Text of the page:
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Julia Lohman


Test of a Kombu Ahtola
Japanese Hidaka-Kombu seaweed, rattan and plywood

In 2013, designer Julia Lohmann founded the Department of Seaweed, a transdisciplinary group of artists, designers, scientists, and sea-lovers, to collectively develop seaweed as a sustainable material for making. Besides researching and developing algae as a material with the potential of replacing leather, textile, wood, paper and plastic, the Department of Seaweed creates future scenarios based on the various perspectives of its multidisciplinary network. 

In the Kombu Ahtola, kelp is used as a membrane to cover a rattan structure. The drying seaweed takes on a convex shape and thereby deforms, tightens, and stabilises the entire structure.  An Ahtola is the mythical underwater palace of the Finnish sea goddesses. Lohmann: ‘Kelp is an ecosystem-builder that supports underwater organisms both big and small and supplies us with our oxygen. It can also give shelter to the deities of the ocean – or is it the deity itself?’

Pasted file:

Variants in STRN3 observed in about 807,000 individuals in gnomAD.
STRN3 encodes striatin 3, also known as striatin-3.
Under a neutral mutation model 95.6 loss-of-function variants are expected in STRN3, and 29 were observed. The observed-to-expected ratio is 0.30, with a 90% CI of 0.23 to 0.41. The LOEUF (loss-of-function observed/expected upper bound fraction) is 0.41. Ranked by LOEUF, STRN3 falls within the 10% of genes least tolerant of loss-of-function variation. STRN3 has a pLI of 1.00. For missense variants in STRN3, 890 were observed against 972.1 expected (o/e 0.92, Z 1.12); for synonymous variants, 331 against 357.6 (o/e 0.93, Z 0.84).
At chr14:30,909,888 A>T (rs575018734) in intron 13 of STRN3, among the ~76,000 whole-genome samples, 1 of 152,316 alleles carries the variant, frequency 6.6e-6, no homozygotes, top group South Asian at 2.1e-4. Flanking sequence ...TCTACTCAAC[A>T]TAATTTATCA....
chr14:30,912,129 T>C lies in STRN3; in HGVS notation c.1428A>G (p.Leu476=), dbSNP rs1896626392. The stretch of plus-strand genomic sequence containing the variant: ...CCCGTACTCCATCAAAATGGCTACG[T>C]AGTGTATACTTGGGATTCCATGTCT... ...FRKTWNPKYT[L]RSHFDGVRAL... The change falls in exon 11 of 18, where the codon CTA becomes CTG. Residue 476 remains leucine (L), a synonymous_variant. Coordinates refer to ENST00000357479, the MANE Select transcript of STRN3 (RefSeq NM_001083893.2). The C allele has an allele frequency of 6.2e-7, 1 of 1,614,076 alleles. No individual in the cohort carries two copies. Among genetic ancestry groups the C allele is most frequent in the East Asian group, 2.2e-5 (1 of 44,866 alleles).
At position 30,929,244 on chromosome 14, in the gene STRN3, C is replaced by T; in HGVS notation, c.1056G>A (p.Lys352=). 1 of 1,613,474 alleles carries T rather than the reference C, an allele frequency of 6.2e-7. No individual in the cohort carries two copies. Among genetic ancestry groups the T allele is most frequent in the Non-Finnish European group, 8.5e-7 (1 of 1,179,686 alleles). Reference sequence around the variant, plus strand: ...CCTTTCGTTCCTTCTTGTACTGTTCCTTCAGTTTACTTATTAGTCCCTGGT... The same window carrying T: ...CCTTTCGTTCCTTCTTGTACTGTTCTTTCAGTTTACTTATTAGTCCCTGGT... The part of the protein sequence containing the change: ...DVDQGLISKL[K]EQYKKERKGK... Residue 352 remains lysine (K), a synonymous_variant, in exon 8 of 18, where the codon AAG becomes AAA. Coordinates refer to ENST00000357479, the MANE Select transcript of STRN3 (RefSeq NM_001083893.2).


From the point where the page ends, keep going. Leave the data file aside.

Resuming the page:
About Julia Lohman 

Julia Lohman is a designer and researcher based in Helsinki. She investigates and critiques the ethical and material value systems underpinning our relationship with flora and fauna. Julia’s research interests include critical practice and transition-design, biomaterials, collaborative making, museums and residencies, embodied cognition, and practice as research. She is Professor of Practice in Contemporary Design at Aalto University, Finland, and directs her eponymous Helsinki-based design practice. Julia studied at the Royal College of Art, where she has also taught and completed a collaborative PhD scholarship with the Victoria & Albert Museum. She established the Department of Seaweed while a designer-in-residence at the V&A in 2013.

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